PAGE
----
Sat | Aug 19, 2017

Bunting urges committee considering Zones of Special operation bill to tread carefully

Published:Wednesday | June 21, 2017 | 6:47 PMEdmond Campbell
Speaking in relation to the Special Zones of operation bill, Bunting said the Parliament was creating a legislative and bureaucratic morass that will distract from the objective of delivering social intervention.

Opposition spokesman on national security Peter Bunting has urged the special select committee of Parliament deliberating on the Zones of Special operation bill to tread carefully in giving the police sweeping emergency powers when it is not needed to tackle crime.

Responding to a presentation by members of the police high command this morning, Bunting said the lawmen have indicated that it is a lack of effective social intervention in volatile communities that lead to ongoing violence.

Using the troubled Barrett Town in St James as an example, Deputy Commissioner of Police Clifford Blake, said the police managed to quell the bloodletting in that community in recent times, but with the lack of social intervention incidents of violent crimes returned to the area.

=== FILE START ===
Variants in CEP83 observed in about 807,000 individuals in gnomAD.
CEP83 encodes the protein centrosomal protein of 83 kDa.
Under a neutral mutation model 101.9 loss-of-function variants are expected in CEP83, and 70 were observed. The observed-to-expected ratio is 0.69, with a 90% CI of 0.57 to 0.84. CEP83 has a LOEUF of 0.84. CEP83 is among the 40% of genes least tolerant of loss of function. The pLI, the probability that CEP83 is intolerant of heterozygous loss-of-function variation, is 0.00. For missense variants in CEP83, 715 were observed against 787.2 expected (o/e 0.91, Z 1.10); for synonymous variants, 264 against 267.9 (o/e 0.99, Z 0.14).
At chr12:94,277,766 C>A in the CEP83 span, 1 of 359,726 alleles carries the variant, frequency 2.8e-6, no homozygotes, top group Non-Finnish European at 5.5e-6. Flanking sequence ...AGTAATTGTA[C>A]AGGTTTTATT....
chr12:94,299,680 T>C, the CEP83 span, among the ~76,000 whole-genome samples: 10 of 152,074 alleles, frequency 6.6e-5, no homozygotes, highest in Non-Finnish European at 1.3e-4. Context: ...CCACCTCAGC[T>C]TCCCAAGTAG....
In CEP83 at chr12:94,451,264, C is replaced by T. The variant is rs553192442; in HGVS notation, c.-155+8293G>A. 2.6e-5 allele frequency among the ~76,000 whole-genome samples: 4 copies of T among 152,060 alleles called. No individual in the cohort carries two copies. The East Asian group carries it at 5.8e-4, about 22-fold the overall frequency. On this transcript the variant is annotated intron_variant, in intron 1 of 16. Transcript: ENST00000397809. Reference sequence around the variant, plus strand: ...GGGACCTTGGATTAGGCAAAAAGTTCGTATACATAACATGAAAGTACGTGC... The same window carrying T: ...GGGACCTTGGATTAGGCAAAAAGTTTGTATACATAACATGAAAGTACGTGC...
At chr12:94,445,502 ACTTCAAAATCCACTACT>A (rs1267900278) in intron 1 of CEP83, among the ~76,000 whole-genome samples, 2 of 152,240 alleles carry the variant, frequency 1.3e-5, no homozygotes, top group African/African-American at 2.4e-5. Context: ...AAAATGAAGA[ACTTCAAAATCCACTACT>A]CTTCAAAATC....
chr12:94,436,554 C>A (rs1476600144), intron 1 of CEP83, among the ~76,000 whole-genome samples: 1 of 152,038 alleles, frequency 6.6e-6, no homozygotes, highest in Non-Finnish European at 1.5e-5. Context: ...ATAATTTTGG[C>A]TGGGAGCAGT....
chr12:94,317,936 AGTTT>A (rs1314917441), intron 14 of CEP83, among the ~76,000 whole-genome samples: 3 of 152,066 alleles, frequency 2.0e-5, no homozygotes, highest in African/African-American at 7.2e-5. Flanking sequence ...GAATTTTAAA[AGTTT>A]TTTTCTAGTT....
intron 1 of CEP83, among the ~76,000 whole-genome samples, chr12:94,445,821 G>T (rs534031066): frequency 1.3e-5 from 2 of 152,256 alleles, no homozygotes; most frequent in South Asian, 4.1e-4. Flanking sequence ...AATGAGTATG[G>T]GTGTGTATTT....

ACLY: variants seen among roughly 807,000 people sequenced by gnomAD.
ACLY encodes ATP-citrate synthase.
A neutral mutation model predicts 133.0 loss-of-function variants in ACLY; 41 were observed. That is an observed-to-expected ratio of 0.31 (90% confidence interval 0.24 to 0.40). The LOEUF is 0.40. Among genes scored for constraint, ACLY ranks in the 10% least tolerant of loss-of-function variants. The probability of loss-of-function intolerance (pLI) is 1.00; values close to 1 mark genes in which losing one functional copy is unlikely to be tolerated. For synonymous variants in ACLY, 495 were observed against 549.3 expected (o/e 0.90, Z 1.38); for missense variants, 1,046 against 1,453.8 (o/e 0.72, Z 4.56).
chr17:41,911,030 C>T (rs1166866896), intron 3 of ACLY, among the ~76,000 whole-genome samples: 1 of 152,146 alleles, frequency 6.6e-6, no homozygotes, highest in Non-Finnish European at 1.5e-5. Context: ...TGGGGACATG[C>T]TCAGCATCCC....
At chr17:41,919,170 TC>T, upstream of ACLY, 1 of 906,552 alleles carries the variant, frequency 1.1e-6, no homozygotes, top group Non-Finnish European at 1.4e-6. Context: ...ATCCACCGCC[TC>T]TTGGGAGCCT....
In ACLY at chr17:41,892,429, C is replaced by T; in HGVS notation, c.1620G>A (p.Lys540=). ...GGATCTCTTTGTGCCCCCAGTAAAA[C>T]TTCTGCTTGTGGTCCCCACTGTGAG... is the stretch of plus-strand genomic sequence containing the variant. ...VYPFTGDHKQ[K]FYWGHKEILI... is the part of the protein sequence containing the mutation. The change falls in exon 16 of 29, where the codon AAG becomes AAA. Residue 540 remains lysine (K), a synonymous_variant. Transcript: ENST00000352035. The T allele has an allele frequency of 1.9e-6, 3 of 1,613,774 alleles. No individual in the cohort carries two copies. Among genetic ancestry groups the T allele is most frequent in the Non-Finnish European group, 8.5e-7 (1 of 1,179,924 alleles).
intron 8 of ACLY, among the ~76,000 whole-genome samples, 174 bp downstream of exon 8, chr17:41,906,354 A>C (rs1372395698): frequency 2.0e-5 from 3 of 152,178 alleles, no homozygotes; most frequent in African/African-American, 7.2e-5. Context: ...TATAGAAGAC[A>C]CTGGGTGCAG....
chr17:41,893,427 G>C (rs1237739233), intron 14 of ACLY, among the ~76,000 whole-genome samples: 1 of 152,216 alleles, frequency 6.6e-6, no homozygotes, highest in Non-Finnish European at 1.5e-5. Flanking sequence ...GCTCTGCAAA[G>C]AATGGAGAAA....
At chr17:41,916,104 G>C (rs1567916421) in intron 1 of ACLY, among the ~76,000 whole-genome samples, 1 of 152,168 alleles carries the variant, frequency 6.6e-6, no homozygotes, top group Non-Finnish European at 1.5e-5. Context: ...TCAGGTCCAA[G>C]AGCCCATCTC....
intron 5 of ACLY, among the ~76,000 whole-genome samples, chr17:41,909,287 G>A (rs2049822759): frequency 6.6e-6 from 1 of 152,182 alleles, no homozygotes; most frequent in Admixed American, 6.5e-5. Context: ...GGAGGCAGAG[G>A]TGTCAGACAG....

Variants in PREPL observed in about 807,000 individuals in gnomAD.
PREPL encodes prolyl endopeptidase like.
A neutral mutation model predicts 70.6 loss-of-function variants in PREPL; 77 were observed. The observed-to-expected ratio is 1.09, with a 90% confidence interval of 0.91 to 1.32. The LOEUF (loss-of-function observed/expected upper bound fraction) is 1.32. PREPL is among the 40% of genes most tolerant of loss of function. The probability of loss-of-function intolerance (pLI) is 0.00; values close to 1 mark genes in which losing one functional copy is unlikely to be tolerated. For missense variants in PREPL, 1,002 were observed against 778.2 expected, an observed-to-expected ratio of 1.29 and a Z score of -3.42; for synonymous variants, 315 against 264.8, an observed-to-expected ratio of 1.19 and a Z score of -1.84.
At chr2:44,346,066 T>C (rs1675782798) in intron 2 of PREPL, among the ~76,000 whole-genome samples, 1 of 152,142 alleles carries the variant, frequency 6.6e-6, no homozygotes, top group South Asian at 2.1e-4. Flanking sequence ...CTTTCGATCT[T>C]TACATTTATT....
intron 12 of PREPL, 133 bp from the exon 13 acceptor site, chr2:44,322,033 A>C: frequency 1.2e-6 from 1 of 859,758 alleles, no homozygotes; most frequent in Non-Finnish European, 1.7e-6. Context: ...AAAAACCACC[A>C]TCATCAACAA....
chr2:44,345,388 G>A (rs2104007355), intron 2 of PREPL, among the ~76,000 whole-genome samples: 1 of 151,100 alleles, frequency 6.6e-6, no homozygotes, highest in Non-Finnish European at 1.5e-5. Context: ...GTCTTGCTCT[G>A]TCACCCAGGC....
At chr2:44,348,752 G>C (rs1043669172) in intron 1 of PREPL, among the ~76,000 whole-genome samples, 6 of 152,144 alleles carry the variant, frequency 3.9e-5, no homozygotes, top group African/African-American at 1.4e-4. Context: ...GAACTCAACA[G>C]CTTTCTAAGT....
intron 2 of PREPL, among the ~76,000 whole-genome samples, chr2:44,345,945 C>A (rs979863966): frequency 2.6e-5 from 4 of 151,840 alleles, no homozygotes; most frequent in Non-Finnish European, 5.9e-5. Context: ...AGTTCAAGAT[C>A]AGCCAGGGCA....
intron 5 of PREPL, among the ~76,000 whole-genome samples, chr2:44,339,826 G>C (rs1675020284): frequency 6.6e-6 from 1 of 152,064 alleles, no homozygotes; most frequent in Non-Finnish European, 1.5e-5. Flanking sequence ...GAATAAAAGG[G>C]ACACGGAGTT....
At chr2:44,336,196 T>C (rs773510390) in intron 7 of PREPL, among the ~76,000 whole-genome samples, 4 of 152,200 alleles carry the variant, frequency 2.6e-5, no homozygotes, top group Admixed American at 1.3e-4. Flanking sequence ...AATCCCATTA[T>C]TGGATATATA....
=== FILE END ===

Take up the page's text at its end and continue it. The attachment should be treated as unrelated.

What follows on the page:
In the past three weeks Barrett Town accounted for eight murders, including a triple murder.

Using Gravel Heights in St Catherine as an example of a community which was brought back from the brink of anarchy in 2012, Bunting said the police did not get powers similar to those given in a state of emergency to tackle the problem.

Residents in Gravel Heights in 2012 fled their homes after members of the Klansman gang ordered them to leave.

According to Bunting, the police established a 24-hour manned police post and worked with agencies of the state to restore normality.

The residents who fled subsequently returned to their homes.

Speaking in relation to the Special Zones of operation bill, Bunting said the Parliament was creating a legislative and bureaucratic morass that will distract from the objective of delivering social intervention.

The Zones of Special Operation bill could provide the security forces with powers to search places, vehicles or persons within specific areas without a warrant.

The prime minister would also be able to declare an area a place for Zones of Special Operations after consulting with the National Security Council. 

This can be done in a situation where there is rampant criminality, gang warfare, escalating violence and murder and the threat to the rule of law and public order.